School shootings are now occurring on an all-too-regular basis and as a result these tragedies have revived an enduring controversy about gun control in the U.S. Gun-control advocates believe that widespread gun ownership increase the rate of gun-related crime and homicide while pro-gun advocates argue that gun availability actually decreases gun violence because potential perpetrators are less likely to commit such crimes if they believe citizens are armed. Which is the correct view? Can data provide a sense for which is a more accurate picture of reality?
A recent paper published in PLos ONE, two UC Irvine mathematicians, Dominik Wodarz and Natalia Komarova, describe an elegant mathematical model to answer just these questions. Knowing how controversial this subject has become, the research suggests in an extremely cautious way that more guns make things worse. The title of the paper is “Dependence of the Firearm-Related Homicide Rate on Gun Availability: A Mathematical Analysis” and can be downloaded HERE.
It’s time to bring a scientific framework to this problem,” said lead author Dominik Wodarz, a mathematical biologist who works on disease and evolutionary dynamics. His co-author and wife, Natalia Komarova, a mathematician who studies biomedical and social trends, added: “Can we design a rational way to argue about guns?”
Wodarz and Komarova’s model is explicitly designed to address gun-control policies and their effects. Care was taken to avoid correlations that are difficult to interpret due to the complexities of modeling social phenomenon. At the core of the model is the rate of gun ownership. Strict laws might lower the rate and permissive laws might increase it. The goal of the model is to clarify what assumptions are necessary to measure the effect of overall gun ownership on the rate of firearms related homicides.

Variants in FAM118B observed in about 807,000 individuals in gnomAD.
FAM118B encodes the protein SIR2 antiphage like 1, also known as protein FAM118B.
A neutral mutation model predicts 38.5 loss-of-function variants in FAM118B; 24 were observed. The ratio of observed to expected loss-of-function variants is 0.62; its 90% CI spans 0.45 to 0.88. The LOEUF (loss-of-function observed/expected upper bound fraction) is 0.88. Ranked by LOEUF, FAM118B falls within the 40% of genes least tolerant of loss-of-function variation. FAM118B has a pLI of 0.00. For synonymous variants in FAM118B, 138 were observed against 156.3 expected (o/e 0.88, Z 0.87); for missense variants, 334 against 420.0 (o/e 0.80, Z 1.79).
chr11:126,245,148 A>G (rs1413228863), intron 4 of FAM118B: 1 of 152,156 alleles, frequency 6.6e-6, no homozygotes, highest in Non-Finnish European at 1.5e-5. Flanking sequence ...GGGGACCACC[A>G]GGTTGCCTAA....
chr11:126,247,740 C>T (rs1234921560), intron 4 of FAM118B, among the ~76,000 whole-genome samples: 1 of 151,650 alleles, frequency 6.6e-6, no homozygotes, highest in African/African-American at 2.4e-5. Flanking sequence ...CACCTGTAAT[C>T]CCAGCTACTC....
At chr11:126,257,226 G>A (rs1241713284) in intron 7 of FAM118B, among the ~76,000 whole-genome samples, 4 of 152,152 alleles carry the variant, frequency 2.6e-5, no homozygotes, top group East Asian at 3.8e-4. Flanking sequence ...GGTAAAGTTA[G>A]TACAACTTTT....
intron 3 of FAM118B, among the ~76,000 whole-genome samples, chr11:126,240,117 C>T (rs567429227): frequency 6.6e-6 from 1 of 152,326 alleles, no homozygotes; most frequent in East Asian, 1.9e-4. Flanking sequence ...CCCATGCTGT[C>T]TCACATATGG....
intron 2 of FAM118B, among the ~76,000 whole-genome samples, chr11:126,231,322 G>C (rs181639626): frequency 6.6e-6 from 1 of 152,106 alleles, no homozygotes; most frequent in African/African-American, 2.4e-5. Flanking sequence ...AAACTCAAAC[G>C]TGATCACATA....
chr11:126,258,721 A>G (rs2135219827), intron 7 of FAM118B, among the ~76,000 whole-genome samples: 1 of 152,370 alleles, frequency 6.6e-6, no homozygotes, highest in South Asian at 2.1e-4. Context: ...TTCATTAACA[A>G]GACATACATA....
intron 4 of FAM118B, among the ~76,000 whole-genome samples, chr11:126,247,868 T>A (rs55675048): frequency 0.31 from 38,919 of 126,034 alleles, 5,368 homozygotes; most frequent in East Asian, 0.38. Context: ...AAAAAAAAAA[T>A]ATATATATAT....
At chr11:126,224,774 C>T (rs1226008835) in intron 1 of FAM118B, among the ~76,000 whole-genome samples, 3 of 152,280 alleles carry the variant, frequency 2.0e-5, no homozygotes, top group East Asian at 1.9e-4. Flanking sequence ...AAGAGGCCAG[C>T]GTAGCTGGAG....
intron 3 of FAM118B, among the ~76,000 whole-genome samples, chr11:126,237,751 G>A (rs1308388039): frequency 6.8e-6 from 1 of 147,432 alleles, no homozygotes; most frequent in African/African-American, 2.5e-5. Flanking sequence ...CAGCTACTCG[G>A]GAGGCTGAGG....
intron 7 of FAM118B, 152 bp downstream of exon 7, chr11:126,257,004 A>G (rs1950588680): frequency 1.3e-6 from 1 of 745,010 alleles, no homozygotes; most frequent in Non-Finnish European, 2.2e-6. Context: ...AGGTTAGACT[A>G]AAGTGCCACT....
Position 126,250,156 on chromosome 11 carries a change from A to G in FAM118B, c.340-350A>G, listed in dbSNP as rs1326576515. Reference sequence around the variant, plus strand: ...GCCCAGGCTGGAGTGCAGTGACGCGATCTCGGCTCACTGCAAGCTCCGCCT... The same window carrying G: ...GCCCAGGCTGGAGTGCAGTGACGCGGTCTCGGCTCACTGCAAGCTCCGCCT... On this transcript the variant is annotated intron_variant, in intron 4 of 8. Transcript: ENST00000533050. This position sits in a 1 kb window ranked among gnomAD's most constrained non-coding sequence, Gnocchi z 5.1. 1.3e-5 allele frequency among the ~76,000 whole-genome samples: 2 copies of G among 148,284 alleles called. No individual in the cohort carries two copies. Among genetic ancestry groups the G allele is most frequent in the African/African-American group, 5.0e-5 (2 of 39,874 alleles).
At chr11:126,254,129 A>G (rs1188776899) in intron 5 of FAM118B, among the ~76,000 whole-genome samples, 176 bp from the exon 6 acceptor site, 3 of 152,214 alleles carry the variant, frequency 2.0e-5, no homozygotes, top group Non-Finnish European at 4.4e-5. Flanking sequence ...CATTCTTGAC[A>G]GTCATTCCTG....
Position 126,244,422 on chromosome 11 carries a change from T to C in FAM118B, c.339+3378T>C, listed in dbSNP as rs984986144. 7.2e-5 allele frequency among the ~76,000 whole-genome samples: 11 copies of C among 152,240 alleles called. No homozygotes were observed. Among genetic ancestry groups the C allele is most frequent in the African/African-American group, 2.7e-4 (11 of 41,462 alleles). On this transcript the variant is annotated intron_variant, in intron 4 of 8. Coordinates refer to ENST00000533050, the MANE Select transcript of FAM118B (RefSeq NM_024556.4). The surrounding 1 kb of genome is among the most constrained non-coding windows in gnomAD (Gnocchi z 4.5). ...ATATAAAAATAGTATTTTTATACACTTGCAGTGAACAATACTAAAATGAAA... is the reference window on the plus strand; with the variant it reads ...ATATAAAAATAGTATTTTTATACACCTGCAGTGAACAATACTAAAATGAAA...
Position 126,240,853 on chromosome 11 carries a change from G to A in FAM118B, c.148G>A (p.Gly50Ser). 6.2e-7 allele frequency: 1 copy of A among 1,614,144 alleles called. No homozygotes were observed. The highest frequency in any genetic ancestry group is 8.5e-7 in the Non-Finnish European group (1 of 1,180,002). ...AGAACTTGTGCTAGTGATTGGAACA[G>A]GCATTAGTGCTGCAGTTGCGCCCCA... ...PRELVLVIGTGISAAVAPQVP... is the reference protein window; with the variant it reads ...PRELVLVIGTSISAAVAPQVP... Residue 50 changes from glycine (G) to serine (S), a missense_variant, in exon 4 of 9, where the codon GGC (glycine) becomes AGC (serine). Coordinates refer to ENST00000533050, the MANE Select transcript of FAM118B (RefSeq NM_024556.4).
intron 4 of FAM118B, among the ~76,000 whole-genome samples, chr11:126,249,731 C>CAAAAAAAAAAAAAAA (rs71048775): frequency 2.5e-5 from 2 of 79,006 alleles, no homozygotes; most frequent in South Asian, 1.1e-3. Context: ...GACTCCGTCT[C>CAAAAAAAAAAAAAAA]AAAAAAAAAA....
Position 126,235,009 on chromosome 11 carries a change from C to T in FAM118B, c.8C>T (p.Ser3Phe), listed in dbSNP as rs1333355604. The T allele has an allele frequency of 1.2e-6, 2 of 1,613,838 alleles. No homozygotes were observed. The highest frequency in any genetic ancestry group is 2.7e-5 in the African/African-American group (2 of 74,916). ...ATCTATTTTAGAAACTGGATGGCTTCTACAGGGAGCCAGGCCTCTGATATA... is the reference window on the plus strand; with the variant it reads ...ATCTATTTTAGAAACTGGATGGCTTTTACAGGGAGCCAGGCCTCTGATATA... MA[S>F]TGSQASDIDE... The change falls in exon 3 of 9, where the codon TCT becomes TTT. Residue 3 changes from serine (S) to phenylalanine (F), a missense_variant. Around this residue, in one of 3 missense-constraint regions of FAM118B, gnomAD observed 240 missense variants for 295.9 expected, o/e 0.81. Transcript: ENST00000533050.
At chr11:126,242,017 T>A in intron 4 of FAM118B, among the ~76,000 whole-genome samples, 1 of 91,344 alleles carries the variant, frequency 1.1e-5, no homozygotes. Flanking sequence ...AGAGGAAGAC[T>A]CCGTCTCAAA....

The duo reviewed available data stretching as far back as World War I, then drew up equations to compute whether policies ranging from a total firearm ban to “arm everyone” increase or decrease homicides. Some of the assumptions of the model include: a positive relationship between the number of gun owners and the number of potential gun-related attackers, and a negative relationship between the rate of gun ownership and the likelihood that a gun-wielding attacker actually uses a weapon. Other factors included in the model are the risk of dying in a gun attack, and the availability and take-up of illegal arms in the face of varying levels of gun control. But the key insight is that there are essentially two perfect worlds – one in which no one owns a gun and one in which everyone owns a gun. Our society is now in between these two points.
Using their best guess about values estimated or implied from the existing research literature, Wordarz and Komarova show that their model implies that stricter laws are the best way to reduce gun deaths. But they are quick to point out that there are some assumptions that are vital to the model for which we have no reliable measure. At least this is a positive attempt to apply scientific methods toward studying this very important issue. You can read the paper and judge for yourself.
[Note: shown on the blackboard in the inset picture of the authors, we see the parameter c which describes the fraction of people who take up their legal right of gun ownership and have the firearm in possession when attacked, and the fraction of people owning guns in the population defined by the legal possibility and ease with which guns can be acquired is represented by g. So if the relationship involving c on the blackboard holds, then then any decrease in g will reduce the gun-related homicide rate.]
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